As MLK Day approaches, we will begin to see stories from the mainstream press about the man and his message. Over the years the press has tended to concentrate on his August 1963 speech at the March for Jobs and Freedom on the Washington Mall. But if we look at the message from an older King, the King of 1967 or 1968, we see a man much wearier and skeptical of government and the social infrastructure keeping their contract of equitable access to opportunity for all its citizens.
Journalists who examine King’s legacy need to include this latter period in their retrospectives. According to Thomas F. Jackson who wrote “Politics and Culture in Modern America: From Civil Rights to Human Rights: Martin Luther King, Jr. and the Struggle for Economic Justice,” King had been leaning more toward a social democratic political and economic philosophy by 1965, not long after President Lyndon Johnson had announced at Howard University his administration’s War on Poverty. Though King was keen with Johnson’s goals immediately after announcement, he soon became disillusioned with the gap between Johnson’s rhetoric to create greater access to opportunity and the administration’s policies.
A month after Johnson made his announcement about the War on Poverty, he made Vietnam a greater priority. King was particularly dismayed with Johnson’s budget cut to the program in 1967 from $3.4 billion to $1.75 billion with most of the lost money going to fuel the war in Vietnam. King also became concerned that the administration was too focused on “Negro pathology” – Patrick Moynihan, Johnson’s undersecretary of labor, attributed poor social and economic conditions of blacks to the breakdown of the family – rather than what he saw as the real root causes of poverty: a lack of jobs and financial security.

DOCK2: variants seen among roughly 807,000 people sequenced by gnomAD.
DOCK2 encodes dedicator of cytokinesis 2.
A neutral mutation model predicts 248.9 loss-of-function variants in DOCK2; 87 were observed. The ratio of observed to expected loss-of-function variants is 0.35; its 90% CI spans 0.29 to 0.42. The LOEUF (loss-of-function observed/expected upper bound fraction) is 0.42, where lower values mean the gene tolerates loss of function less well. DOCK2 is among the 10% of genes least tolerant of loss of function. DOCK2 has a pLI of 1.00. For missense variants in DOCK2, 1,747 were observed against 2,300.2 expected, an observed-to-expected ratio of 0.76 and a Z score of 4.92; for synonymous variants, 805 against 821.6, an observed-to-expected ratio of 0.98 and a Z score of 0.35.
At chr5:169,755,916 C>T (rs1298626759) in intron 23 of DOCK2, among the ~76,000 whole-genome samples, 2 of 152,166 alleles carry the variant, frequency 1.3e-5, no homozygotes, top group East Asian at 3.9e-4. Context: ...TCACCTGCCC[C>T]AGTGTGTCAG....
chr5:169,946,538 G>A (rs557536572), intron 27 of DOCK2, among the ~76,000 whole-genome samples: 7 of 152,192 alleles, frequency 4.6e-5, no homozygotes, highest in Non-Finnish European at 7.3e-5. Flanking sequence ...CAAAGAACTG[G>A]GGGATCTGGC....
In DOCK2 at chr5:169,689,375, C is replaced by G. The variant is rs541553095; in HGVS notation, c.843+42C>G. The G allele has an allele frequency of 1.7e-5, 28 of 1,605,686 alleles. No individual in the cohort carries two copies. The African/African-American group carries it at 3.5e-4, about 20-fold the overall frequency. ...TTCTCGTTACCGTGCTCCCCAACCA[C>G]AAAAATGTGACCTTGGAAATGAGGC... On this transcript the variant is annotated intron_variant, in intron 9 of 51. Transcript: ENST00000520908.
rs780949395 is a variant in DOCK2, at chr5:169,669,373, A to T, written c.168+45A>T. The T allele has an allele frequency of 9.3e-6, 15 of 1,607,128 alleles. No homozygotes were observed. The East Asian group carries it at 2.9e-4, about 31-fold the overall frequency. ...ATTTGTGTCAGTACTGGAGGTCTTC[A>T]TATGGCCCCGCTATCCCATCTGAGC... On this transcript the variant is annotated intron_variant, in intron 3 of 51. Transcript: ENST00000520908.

“But his political and structural explanations of poverty increasingly challenged liberal definitions that focused on something poor individuals lacked – skills, education, habits of work discipline, or “mainstream” norms they might pass on to their children. What if poverty resulted from each new generation’s confrontation with changing but relentless forms of economic denial, as the anthropologist Elliot Liebow argued in his powerful 1967 portrait of Negro streetcorner men, Tally’s Corner? (10) The island of poverty was larger than King had recognized, and millions of affluent Americans afloat on the vast ocean of material prosperity were dependent on the underpaid labor of its inhabitants.”
Journalists writing about education, housing, wealth and income, jobs and the criminal justice system have a lot to learn from this passage and King’s overall message from this final period of his life. In order for the public to understand poverty and racial disparity, audiences needs to understand the institutional and economic mechanisms that often constrain people’s agency to lift themselves up. Of course people have choices, but journalists need to reveal the context that often limits those choices.
Here is to better reporting in this area as we celebrate MLK Day.